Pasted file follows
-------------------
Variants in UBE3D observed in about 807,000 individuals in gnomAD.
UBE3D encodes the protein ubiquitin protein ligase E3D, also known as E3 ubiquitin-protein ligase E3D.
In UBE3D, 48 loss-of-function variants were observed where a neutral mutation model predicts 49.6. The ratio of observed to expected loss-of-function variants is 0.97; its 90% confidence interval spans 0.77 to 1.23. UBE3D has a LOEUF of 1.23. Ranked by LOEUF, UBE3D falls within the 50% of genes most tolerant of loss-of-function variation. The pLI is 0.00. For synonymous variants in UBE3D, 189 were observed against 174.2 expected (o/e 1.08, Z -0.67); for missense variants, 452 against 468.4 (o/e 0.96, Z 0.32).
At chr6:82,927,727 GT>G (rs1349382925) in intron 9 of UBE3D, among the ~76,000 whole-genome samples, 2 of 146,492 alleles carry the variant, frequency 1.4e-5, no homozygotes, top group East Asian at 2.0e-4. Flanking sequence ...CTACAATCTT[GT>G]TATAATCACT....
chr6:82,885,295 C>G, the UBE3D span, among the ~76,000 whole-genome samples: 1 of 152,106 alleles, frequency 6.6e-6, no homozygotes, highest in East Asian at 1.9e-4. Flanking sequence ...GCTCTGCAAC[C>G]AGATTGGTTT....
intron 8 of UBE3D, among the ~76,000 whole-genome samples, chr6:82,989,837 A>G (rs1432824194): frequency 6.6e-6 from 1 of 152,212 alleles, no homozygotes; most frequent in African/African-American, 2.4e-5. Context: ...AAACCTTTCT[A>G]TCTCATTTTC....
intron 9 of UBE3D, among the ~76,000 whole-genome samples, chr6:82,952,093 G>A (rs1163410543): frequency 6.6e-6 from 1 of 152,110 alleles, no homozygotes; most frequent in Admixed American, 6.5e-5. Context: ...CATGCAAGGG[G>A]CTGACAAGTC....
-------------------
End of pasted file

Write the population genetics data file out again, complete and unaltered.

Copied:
Variants in UBE3D observed in about 807,000 individuals in gnomAD.
UBE3D encodes the protein ubiquitin protein ligase E3D, also known as E3 ubiquitin-protein ligase E3D.
In UBE3D, 48 loss-of-function variants were observed where a neutral mutation model predicts 49.6. The ratio of observed to expected loss-of-function variants is 0.97; its 90% confidence interval spans 0.77 to 1.23. UBE3D has a LOEUF of 1.23. Ranked by LOEUF, UBE3D falls within the 50% of genes most tolerant of loss-of-function variation. The pLI is 0.00. For synonymous variants in UBE3D, 189 were observed against 174.2 expected (o/e 1.08, Z -0.67); for missense variants, 452 against 468.4 (o/e 0.96, Z 0.32).
At chr6:82,927,727 GT>G (rs1349382925) in intron 9 of UBE3D, among the ~76,000 whole-genome samples, 2 of 146,492 alleles carry the variant, frequency 1.4e-5, no homozygotes, top group East Asian at 2.0e-4. Flanking sequence ...CTACAATCTT[GT>G]TATAATCACT....
chr6:82,885,295 C>G, the UBE3D span, among the ~76,000 whole-genome samples: 1 of 152,106 alleles, frequency 6.6e-6, no homozygotes, highest in East Asian at 1.9e-4. Flanking sequence ...GCTCTGCAAC[C>G]AGATTGGTTT....
intron 8 of UBE3D, among the ~76,000 whole-genome samples, chr6:82,989,837 A>G (rs1432824194): frequency 6.6e-6 from 1 of 152,212 alleles, no homozygotes; most frequent in African/African-American, 2.4e-5. Context: ...AAACCTTTCT[A>G]TCTCATTTTC....
intron 9 of UBE3D, among the ~76,000 whole-genome samples, chr6:82,952,093 G>A (rs1163410543): frequency 6.6e-6 from 1 of 152,110 alleles, no homozygotes; most frequent in Admixed American, 6.5e-5. Context: ...CATGCAAGGG[G>A]CTGACAAGTC....